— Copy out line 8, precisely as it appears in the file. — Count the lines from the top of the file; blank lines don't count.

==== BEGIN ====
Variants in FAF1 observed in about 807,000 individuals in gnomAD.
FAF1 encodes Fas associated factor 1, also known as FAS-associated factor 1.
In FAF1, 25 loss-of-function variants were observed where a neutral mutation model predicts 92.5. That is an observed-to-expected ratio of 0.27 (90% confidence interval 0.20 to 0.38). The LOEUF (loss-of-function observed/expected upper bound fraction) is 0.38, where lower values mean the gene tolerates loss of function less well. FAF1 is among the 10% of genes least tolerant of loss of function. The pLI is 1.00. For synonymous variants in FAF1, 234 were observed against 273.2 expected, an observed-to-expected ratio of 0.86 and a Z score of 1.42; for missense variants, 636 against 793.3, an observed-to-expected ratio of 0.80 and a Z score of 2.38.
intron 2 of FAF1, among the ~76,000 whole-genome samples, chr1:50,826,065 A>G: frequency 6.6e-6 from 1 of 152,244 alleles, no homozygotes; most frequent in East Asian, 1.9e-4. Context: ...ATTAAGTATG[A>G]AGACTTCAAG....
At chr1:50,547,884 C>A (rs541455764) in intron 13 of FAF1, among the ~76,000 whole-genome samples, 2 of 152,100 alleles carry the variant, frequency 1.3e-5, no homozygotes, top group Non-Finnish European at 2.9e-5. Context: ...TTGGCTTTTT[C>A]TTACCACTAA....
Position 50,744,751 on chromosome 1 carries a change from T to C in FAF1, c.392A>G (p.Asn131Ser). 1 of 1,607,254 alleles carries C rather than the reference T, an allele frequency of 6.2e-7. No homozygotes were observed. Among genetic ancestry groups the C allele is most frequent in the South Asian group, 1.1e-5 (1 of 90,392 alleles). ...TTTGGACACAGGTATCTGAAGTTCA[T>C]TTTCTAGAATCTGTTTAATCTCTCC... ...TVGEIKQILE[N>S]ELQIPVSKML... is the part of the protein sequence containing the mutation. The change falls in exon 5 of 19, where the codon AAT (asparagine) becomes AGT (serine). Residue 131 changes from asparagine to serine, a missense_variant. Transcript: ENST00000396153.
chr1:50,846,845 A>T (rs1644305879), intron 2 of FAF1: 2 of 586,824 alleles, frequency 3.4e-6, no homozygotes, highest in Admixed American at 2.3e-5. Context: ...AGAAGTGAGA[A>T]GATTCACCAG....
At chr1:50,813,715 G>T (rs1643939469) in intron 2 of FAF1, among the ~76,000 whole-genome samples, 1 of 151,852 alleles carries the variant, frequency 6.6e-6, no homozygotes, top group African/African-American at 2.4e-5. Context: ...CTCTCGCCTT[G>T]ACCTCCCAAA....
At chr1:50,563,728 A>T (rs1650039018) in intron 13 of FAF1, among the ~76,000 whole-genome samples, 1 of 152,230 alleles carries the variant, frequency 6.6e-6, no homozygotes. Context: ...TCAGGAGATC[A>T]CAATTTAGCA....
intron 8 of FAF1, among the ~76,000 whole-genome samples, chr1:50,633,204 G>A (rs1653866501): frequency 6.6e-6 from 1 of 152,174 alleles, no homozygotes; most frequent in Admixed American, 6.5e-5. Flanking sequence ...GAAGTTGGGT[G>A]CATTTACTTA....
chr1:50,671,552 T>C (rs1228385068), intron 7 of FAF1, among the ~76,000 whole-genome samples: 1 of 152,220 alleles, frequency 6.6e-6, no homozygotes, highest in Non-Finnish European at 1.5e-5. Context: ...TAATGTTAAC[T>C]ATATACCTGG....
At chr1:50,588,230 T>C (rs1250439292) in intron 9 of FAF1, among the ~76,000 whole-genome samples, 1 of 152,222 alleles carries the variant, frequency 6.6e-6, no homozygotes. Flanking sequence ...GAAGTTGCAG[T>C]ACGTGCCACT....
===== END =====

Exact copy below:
At chr1:50,813,715 G>T (rs1643939469) in intron 2 of FAF1, among the ~76,000 whole-genome samples, 1 of 151,852 alleles carries the variant, frequency 6.6e-6, no homozygotes, top group African/African-American at 2.4e-5. Context: ...CTCTCGCCTT[G>T]ACCTCCCAAA....